There is no proper way to say "no gifts". No matter what you put some will know it is the children's birthday and they will come bearing a gift.

    There is really no polite way to dictate to a guest whether they should bring a gift or not. A gift is an offering that can neither be demanded nor refused. If one is offered it should be accepted with grace even if one doesn't want it.

    I like the idea of calling it a family fall festival or even a pre-Halloween party.

  • 15 years ago

    Nicole, I love the idea that you are having a family oriented party not centered around presents! Co-incidentally I am hosting an open house that same day for my Uncle who will be 80 years old on Oct. 7th. I'm hoping the 3rd will be better weather than the 10th since we are up North also and that time of year can be tricky. I have been thinking about invitations, too, and wanting to take the emphasis off of presents and more on sharing good times.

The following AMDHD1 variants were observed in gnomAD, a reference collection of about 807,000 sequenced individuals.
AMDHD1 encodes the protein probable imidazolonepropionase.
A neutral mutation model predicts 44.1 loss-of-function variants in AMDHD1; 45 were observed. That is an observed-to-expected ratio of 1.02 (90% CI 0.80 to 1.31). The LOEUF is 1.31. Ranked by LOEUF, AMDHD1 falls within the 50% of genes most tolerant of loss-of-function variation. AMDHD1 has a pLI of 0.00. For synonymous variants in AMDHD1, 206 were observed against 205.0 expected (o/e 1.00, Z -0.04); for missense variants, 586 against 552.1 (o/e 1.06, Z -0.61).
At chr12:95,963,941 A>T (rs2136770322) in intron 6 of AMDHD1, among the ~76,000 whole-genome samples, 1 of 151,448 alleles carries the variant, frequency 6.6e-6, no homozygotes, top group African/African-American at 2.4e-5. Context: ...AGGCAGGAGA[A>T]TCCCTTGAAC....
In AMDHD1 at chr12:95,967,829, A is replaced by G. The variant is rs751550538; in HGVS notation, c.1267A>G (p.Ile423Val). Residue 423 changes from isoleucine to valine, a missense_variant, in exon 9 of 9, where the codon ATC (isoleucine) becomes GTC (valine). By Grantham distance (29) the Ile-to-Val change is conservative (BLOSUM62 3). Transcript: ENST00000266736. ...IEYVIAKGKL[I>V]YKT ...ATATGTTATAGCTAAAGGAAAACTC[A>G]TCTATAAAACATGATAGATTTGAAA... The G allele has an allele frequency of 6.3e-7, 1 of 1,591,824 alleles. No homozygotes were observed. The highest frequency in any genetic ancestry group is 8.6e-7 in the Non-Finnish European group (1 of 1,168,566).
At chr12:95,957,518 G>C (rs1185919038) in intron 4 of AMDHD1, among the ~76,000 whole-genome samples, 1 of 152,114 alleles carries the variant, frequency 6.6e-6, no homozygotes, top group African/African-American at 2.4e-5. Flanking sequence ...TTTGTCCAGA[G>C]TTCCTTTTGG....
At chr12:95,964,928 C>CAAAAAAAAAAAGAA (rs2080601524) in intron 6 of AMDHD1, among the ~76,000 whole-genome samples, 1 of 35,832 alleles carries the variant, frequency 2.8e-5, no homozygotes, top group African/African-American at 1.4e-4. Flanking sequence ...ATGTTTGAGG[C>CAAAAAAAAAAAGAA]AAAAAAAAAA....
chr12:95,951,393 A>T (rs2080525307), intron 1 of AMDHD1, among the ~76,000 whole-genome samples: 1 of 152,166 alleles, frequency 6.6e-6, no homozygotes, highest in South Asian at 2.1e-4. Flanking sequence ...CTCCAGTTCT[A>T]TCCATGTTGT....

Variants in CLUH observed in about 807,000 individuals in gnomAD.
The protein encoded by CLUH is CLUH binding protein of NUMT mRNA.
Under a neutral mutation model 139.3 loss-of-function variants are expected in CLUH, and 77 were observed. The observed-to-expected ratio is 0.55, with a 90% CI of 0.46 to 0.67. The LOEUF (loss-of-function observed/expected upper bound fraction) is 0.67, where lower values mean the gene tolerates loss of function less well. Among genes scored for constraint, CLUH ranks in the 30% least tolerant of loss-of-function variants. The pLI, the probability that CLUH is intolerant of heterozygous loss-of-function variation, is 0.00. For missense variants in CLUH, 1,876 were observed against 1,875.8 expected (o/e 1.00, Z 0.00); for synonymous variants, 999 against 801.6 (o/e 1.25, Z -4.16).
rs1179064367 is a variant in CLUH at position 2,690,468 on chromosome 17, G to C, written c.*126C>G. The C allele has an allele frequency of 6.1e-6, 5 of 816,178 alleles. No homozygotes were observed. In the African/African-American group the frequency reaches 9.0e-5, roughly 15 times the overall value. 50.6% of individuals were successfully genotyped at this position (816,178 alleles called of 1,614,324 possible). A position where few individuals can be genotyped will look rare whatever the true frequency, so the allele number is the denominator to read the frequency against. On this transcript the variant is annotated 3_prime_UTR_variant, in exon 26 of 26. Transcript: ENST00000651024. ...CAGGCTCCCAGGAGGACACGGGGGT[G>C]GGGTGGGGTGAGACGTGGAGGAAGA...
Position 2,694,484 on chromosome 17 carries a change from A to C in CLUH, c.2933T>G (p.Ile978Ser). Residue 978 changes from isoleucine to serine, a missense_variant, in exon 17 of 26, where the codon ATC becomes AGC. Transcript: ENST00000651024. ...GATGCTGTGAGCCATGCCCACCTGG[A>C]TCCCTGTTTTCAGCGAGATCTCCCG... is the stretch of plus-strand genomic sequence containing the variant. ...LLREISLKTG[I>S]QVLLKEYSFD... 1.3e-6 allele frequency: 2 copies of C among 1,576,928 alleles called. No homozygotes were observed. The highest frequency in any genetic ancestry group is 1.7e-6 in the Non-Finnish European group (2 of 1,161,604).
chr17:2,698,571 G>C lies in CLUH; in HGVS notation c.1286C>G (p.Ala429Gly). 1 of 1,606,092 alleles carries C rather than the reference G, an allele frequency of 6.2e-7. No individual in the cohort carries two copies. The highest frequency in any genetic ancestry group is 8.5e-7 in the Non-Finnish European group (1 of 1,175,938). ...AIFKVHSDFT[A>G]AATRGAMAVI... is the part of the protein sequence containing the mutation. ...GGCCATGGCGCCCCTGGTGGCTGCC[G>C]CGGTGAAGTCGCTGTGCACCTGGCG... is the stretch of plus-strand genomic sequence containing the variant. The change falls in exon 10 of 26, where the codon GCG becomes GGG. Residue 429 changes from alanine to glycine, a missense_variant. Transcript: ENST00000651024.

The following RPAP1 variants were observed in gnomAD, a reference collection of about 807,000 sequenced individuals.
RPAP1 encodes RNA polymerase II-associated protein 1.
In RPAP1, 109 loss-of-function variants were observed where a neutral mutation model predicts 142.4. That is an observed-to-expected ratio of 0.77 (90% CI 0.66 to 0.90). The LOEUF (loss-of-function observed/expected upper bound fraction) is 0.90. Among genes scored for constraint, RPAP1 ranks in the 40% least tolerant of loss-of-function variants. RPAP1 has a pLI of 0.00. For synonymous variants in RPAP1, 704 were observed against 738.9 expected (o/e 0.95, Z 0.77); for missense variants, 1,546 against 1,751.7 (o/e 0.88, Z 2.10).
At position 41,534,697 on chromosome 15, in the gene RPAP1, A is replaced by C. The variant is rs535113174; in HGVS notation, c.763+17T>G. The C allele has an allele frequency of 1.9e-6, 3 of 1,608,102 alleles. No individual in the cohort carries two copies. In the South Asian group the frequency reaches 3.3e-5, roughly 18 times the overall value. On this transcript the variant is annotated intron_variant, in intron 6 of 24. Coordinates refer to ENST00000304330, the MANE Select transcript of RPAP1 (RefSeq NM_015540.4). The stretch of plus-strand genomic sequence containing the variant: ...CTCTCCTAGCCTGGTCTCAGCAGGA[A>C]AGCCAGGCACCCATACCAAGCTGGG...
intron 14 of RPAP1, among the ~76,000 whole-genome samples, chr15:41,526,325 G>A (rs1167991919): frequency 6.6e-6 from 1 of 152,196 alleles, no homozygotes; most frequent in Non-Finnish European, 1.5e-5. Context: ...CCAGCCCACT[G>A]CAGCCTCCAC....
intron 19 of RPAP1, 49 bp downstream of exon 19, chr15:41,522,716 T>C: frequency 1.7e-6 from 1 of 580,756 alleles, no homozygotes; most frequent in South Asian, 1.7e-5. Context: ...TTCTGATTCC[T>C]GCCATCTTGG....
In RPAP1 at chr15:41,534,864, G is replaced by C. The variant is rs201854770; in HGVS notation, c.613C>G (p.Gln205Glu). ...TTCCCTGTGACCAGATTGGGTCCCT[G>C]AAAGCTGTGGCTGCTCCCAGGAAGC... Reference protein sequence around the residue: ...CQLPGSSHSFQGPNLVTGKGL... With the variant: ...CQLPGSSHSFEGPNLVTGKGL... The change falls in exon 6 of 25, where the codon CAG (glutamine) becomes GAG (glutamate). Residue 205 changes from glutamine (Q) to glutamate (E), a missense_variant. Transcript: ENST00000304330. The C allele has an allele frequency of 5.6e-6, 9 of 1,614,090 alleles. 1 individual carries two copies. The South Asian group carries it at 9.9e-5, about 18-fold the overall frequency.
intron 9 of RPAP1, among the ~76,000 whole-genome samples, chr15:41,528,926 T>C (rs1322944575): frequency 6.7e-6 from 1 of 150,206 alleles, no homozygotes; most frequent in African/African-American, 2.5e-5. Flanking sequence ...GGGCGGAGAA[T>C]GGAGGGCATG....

My party is going to be a smaller gathering than yours but if it wasn't I wouldn't have any problem going pot luck! Myself, I'd think it was easier to bring food than to shop and buy and wrap toys! To each their own! And yes, we will have a birthday cake too, maybe more than one.

  • 15 years ago

    I said "no gifts" for my 50th. The few gifts that showed up, were put in another room, for later.

    You really can't keep people that want, and can afford to bring something from bringing anything.

    Just put the gift aside, to keep others from feeling left out.


  • 15 years ago